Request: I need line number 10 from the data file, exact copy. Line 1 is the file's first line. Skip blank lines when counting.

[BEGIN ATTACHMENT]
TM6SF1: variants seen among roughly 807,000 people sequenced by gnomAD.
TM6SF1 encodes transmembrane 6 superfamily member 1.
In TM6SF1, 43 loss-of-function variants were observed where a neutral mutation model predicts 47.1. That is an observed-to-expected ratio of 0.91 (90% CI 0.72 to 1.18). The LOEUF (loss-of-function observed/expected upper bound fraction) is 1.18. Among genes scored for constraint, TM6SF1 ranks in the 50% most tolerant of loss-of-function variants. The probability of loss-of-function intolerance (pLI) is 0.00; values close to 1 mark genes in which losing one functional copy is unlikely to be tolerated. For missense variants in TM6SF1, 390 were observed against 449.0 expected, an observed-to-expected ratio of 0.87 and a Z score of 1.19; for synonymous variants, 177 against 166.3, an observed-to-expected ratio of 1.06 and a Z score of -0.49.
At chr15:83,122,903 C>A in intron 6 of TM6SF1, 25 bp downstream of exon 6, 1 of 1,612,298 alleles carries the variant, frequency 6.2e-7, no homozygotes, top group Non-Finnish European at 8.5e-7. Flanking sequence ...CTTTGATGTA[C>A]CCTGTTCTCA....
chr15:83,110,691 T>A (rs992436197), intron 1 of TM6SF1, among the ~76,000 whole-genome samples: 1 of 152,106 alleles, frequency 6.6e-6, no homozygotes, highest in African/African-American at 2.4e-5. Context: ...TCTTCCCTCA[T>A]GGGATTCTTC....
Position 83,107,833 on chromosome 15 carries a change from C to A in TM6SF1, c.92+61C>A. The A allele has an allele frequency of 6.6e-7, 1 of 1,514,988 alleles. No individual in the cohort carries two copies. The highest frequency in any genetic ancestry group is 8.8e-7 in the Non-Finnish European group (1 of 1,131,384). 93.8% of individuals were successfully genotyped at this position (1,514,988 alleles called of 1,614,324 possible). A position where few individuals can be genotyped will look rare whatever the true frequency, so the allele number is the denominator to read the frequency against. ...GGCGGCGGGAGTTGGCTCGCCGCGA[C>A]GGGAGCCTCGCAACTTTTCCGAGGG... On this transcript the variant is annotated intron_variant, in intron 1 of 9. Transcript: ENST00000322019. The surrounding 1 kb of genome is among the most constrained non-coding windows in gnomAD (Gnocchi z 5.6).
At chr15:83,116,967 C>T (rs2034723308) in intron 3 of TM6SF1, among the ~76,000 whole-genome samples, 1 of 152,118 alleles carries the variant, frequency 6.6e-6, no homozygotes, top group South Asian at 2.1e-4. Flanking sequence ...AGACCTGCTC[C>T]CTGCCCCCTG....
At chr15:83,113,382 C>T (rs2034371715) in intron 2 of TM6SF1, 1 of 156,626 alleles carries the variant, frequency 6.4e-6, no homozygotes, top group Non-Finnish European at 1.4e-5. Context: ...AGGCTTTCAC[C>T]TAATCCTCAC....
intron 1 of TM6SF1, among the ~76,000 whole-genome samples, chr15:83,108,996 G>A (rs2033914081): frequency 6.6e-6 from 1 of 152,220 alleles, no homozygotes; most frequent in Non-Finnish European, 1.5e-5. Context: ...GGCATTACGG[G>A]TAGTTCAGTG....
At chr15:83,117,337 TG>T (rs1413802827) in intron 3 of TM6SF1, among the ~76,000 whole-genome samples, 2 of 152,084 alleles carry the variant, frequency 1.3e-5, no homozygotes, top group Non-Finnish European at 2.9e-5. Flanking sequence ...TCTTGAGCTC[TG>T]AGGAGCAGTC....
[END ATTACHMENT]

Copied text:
At chr15:83,117,337 TG>T (rs1413802827) in intron 3 of TM6SF1, among the ~76,000 whole-genome samples, 2 of 152,084 alleles carry the variant, frequency 1.3e-5, no homozygotes, top group Non-Finnish European at 2.9e-5. Flanking sequence ...TCTTGAGCTC[TG>T]AGGAGCAGTC....